MISSOULA — A Troy man was charged this week with evidence tampering related to the shooting and killing of a grizzly bear on his property in 2020 and the discarding of the bear’s GPS collar in the Yaak River, U.S. Attorney Jesse Laslovich said today.
An information filed in U.S. District Court on Jan. 22 charges Othel Lee Pearson, 80, of Troy, with tampering with evidence, a felony, and failure to report taking of grizzly bear, a misdemeanor. Pearson faces a maximum of 20 years in prison, a $250,000 fine and three years of supervised release on the evidence tampering charge and a maximum of six months in prison and a $25,000 fine on the failure to report charge.
A court date for Pearson’s appearance has not yet been set. The charging documents are merely accusations and defendants are presumed innocent until proven guilty beyond a reasonable doubt in a court of law.
“As alleged, Pearson discarded a GPS collar on a grizzly bear and hid the bear’s claws and an ear tag in an attempt to avoid criminal prosecution for unlawfully killing a grizzly bear. Such conduct is illegal and, as shown here, will result in the prosecution of a federal felony,” U.S. Attorney Laslovich said.
The parties informed the court that there is a plea agreement in the matter, and it is anticipated that Pearson has agreed to plead guilty to both charges in the information. The plea agreement calls for the government and defendant to jointly recommend a sentence of three years of probation and an $8,000 fine. In exchange for guilty pleas, the United States agrees not to prosecute another individual in connection with the taking of the grizzly bear, and Pearson agrees to cooperate with the United States regarding the skull of a second grizzly bear discovered on National Forest System lands near his property.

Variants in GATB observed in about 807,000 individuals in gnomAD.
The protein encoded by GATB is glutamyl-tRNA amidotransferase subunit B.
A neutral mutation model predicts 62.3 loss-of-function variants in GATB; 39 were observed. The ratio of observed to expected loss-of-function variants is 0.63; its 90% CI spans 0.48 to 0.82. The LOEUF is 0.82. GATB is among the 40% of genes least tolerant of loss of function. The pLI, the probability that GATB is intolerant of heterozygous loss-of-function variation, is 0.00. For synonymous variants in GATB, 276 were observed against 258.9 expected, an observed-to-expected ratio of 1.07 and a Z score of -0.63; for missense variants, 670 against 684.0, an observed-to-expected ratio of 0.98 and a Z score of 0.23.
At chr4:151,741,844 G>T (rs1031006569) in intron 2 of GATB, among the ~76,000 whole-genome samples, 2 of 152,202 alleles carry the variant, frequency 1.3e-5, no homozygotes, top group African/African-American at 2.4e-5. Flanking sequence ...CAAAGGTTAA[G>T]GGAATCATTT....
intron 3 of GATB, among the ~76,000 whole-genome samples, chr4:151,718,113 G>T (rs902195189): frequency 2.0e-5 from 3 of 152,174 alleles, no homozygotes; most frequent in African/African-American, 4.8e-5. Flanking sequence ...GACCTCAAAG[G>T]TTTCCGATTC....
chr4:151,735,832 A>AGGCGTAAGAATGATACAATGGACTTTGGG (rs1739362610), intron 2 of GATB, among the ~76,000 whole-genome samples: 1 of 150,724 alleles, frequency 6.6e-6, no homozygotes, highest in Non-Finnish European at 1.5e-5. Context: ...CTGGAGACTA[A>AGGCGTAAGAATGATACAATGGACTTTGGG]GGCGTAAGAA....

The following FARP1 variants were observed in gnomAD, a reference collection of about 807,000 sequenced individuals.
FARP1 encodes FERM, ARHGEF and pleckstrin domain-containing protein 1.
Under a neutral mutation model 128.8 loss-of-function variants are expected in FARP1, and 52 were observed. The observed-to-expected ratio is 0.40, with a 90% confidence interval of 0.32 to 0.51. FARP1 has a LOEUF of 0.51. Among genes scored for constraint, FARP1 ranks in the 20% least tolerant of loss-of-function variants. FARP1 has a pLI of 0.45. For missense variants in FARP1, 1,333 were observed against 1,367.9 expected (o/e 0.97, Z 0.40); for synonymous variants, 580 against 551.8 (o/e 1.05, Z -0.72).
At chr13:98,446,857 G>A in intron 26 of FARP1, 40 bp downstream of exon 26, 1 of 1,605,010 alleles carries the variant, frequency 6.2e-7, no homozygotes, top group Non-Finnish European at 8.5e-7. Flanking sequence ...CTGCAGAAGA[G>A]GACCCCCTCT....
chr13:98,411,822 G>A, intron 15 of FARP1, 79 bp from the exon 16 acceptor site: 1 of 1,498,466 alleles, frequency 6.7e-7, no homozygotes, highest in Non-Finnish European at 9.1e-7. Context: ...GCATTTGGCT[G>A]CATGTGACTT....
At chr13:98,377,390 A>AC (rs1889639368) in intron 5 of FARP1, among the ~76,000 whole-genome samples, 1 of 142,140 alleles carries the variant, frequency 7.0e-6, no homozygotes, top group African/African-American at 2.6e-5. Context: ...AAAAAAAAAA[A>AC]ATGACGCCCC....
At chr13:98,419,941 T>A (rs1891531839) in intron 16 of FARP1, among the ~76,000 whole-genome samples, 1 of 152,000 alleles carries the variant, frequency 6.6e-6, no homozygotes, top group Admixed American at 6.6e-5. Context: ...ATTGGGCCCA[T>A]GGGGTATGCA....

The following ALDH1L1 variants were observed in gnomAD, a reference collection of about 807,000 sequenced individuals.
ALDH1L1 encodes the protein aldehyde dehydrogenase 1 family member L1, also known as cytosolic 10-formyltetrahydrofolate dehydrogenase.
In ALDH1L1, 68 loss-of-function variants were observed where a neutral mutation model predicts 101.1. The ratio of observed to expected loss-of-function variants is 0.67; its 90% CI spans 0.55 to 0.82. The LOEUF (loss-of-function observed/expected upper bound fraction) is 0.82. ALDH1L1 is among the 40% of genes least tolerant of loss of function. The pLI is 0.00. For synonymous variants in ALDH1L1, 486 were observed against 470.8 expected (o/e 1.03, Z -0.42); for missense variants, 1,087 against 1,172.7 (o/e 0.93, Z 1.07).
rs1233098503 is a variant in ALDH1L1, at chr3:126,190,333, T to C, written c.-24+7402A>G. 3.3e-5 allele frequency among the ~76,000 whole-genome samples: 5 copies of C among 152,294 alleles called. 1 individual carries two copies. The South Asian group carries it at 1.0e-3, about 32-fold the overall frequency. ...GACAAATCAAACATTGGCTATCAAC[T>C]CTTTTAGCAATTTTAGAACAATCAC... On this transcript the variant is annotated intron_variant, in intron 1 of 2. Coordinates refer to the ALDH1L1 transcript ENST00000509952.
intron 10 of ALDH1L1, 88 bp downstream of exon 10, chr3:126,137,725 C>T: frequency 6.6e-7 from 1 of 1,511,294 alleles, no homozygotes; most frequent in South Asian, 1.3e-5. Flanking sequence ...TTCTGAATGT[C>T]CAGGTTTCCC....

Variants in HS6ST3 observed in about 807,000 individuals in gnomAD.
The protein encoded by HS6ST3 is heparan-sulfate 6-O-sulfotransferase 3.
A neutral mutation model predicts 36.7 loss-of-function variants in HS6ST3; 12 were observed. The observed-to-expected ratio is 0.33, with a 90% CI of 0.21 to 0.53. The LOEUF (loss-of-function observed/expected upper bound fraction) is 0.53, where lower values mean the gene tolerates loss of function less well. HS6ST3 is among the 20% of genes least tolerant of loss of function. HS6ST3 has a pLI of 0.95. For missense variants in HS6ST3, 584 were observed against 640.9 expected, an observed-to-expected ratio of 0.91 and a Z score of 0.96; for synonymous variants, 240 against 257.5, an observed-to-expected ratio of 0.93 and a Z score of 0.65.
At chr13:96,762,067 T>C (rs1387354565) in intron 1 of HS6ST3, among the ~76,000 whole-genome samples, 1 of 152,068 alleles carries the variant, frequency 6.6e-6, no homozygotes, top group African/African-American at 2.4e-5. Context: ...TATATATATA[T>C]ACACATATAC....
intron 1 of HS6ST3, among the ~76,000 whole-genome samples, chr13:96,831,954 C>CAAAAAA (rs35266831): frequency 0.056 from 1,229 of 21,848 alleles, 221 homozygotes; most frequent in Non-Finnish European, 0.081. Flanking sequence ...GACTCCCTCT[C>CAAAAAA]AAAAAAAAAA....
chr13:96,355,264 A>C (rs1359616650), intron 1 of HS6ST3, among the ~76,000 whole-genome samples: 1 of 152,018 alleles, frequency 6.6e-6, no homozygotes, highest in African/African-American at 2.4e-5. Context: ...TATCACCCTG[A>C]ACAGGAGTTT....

As alleged in court documents, on Nov. 19, 2020, Pearson shot and killed a sow grizzly bear on his residential property, using a .270 rifle. Pearson cut a GPS collar that had been fitted to the bear and discarded the collar nearby in the Yaak River. Pearson also cut paws, ear tags and an identifying lip tattoo from the bear carcass. Pearson then concealed the bear’s claws and an ear tag in a hollowed-out tree on National Forest System land near his residence. As further alleged, Pearson tampered with these identifying objects to impair the criminal prosecution for the unlawful killing of the grizzly bear. Pearson did not report the killing of the grizzly bear to the U.S. Fish and Wildlife Service within five days of occurrence.
Assistant U.S. Attorney Randy Tanner is prosecuting the case. The U.S. Fish and Wildlife Service conducted the investigation.